I don't think you have to be a believer of a certain religion to "do the right thing". It's not even a matter of theology, to be honest. It's just humans being humans, and God has nothing to do with it. It's more about people doing things to other people, and even if the person is a non-believer, if he does the right thing, who are we to judge about his lack of faith? I'm sure God would even welcome it, as you really don't need to believe in a divine power or eternal damnation after death to make your daily life filled with helping other people around you. So no, I disagree that you have to be religious to be moral. Lots of religious people I know are the worst of sinners, especially those who go to mass every Sunday. Having faith does not immediately mean that you are good, and being good doesn't immediately mean that you are religious.
                The moral argument concerns the foundation for morality. The argument does not can claim that atheist or non-believers cannot act ethically. The argument points out that without God there is no basis for morality. In other words, without God morals are purely subjective.
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                • #9
                  Originally posted by Origen View Post
                  The moral argument concerns the foundation for morality. The argument does not can claim that atheist or non-believers cannot act ethically. The argument points out that without God there is no basis for morality. In other words, without God morals are purely subjective.
                  There exists a sub-culture that does, in fact, embrace that logic. Hand in hand with the erroneous conclusion that there is no God, comes an acceptance that there is no objective morality. Nihilism becomes more than a philosophy, it becomes a self-destructive lifestyle.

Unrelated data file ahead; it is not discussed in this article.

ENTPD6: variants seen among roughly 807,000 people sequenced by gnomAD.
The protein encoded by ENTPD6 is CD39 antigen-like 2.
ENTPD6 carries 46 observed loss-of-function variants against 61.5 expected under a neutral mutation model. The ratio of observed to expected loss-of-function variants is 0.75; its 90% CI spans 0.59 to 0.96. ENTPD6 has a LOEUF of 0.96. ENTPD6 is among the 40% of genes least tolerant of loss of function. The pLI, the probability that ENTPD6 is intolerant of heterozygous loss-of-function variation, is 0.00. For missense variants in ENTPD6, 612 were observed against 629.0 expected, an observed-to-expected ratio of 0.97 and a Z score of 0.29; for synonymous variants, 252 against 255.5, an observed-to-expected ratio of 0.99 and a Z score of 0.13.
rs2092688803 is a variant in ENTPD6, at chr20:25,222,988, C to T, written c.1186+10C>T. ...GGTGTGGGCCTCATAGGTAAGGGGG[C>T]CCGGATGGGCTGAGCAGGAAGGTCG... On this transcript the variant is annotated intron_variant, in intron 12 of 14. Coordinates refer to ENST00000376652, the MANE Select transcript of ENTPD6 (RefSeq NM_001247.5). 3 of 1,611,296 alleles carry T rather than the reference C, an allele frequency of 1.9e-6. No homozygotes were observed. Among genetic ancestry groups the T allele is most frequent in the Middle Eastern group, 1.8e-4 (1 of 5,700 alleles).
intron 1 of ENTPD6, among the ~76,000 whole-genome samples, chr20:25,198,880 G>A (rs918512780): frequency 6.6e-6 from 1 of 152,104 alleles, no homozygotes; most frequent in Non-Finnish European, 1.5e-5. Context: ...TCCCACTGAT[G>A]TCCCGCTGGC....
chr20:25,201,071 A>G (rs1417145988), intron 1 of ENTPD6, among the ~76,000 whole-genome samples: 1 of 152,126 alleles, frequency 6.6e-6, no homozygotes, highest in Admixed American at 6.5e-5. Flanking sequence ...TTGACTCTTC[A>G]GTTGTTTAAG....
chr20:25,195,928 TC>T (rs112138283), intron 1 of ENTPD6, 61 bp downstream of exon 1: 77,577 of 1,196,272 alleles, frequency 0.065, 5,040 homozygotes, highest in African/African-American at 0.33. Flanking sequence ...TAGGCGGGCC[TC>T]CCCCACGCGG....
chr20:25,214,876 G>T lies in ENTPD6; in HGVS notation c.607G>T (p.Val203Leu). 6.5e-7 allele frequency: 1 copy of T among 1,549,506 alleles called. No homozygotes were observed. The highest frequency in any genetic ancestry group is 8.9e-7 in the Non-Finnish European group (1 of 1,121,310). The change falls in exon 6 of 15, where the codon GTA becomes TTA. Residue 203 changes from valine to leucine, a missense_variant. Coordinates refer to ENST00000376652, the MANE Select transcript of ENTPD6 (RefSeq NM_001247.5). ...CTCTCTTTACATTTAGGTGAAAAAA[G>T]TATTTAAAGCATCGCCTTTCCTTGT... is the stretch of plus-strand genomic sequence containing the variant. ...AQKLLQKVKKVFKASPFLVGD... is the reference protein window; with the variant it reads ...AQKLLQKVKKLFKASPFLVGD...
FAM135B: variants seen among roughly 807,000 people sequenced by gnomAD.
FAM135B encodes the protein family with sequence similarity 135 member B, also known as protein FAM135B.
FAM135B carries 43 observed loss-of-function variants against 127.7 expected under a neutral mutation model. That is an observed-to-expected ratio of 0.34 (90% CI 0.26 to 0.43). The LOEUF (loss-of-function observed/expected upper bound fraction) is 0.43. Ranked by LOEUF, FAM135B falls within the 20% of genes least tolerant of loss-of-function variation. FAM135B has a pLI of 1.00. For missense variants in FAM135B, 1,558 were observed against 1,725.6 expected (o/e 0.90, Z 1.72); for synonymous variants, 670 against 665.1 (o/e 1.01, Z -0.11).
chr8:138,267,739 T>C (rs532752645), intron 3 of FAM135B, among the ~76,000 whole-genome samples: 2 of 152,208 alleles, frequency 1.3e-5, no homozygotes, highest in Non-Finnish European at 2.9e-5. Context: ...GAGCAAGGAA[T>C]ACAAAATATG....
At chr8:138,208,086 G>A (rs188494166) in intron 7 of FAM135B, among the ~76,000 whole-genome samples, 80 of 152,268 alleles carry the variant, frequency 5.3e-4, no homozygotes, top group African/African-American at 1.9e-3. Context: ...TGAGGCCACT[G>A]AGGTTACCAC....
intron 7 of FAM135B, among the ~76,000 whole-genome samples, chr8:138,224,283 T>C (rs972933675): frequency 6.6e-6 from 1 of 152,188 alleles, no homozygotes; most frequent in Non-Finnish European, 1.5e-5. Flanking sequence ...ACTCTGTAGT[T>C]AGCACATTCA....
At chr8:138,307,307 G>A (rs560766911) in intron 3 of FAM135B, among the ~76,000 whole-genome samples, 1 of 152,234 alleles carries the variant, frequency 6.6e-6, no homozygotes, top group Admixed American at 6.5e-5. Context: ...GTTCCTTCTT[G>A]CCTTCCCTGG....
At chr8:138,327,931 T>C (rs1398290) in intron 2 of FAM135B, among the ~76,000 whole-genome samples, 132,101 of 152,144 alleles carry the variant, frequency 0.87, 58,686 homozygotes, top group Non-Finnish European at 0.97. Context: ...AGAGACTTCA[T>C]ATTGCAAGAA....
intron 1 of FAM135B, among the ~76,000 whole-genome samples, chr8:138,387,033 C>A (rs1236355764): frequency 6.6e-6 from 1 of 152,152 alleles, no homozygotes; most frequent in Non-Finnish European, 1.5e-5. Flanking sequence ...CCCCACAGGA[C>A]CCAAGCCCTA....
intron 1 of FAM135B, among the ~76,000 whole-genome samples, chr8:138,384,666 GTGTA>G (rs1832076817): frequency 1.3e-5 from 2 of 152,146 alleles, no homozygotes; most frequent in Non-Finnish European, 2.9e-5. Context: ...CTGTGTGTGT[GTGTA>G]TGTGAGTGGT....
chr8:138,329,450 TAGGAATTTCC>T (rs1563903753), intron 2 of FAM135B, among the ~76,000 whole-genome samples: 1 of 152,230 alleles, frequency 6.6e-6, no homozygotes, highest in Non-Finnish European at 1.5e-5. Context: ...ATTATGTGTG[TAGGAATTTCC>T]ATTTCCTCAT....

Living in in a world of sheep, who none the less empower wolves to deal harshly with such threats, we borrowed a page from the sociopaths and learned to paint a smiley face upon our amorality. We lived with no expectation of "fair" or "just". We offered no loyalty except "tit for tat". It was, and remains, a cold, dark, harsh world that quickly spirals into the darkness.

                  It is from this that God snatched me. So it does exist ... and thank God it is as rare as it is.
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                  • #10
                    Originally posted by atpollard View Post
                    There exists a sub-culture that does, in fact, embrace that logic. Hand in hand with the erroneous conclusion that there is no God, comes an acceptance that there is no objective morality.
                    No doubt there is. The problem is no one can consistently live out that philosophy. The moral argument, if it proves anything, proves that no one, not even an atheist can actually live as if there are no object moral values.
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                    • #11
                      Originally posted by Origen View Post
                      No doubt there is. The problem is no one can consistently live out that philosophy. The moral argument, if it proves anything, proves that no one, not even an atheist can actually live as if there are no object moral values.
                      It becomes easier if you start at 16 and are dead before 21. :(
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                      • #12
                        Originally posted by atpollard View Post
                        It becomes easier if you start at 16 and are dead before 21. :(
                        Man you are on a roll.